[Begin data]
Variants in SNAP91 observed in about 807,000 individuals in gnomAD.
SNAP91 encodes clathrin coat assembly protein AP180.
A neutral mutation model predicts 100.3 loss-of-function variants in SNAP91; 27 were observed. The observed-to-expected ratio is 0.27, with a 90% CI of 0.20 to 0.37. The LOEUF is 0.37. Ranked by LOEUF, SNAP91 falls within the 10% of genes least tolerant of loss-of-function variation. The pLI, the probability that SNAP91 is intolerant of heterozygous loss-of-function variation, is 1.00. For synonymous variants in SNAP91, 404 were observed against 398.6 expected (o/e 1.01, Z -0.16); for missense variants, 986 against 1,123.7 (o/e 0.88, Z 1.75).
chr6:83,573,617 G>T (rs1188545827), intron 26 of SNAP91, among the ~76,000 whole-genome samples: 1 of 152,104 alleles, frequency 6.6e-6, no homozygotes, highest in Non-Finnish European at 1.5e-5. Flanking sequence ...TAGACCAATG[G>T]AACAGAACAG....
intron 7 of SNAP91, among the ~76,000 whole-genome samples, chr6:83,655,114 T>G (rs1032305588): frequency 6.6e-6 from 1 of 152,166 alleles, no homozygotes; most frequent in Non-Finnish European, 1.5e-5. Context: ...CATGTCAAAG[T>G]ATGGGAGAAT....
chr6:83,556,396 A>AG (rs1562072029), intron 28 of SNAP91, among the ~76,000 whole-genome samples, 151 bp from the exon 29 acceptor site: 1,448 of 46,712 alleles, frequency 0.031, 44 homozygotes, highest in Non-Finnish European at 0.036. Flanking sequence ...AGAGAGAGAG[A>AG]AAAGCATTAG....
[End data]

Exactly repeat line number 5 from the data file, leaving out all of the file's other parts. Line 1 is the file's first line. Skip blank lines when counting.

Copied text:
intron 7 of SNAP91, among the ~76,000 whole-genome samples, chr6:83,655,114 T>G (rs1032305588): frequency 6.6e-6 from 1 of 152,166 alleles, no homozygotes; most frequent in Non-Finnish European, 1.5e-5. Context: ...CATGTCAAAG[T>G]ATGGGAGAAT....